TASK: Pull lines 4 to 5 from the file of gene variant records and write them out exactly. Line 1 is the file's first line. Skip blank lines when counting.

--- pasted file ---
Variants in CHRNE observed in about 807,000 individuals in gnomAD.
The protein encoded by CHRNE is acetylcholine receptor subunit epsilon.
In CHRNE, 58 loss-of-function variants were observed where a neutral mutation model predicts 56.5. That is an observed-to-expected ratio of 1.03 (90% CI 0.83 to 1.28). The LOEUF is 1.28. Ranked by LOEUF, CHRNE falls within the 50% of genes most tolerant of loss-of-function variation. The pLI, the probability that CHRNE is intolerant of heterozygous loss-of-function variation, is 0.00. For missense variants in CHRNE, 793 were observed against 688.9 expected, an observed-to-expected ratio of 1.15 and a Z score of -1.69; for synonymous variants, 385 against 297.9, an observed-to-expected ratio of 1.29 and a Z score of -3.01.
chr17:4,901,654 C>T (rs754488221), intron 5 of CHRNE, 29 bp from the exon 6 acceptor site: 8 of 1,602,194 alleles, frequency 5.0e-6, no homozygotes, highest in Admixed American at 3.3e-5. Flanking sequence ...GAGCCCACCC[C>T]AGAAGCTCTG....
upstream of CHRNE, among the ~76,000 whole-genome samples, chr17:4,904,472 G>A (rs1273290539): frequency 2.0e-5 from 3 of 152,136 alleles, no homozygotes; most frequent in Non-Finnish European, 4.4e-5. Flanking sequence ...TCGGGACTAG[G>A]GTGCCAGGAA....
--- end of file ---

chr17:4,901,654 C>T (rs754488221), intron 5 of CHRNE, 29 bp from the exon 6 acceptor site: 8 of 1,602,194 alleles, frequency 5.0e-6, no homozygotes, highest in Admixed American at 3.3e-5. Flanking sequence ...GAGCCCACCC[C>T]AGAAGCTCTG....
upstream of CHRNE, among the ~76,000 whole-genome samples, chr17:4,904,472 G>A (rs1273290539): frequency 2.0e-5 from 3 of 152,136 alleles, no homozygotes; most frequent in Non-Finnish European, 4.4e-5. Flanking sequence ...TCGGGACTAG[G>A]GTGCCAGGAA....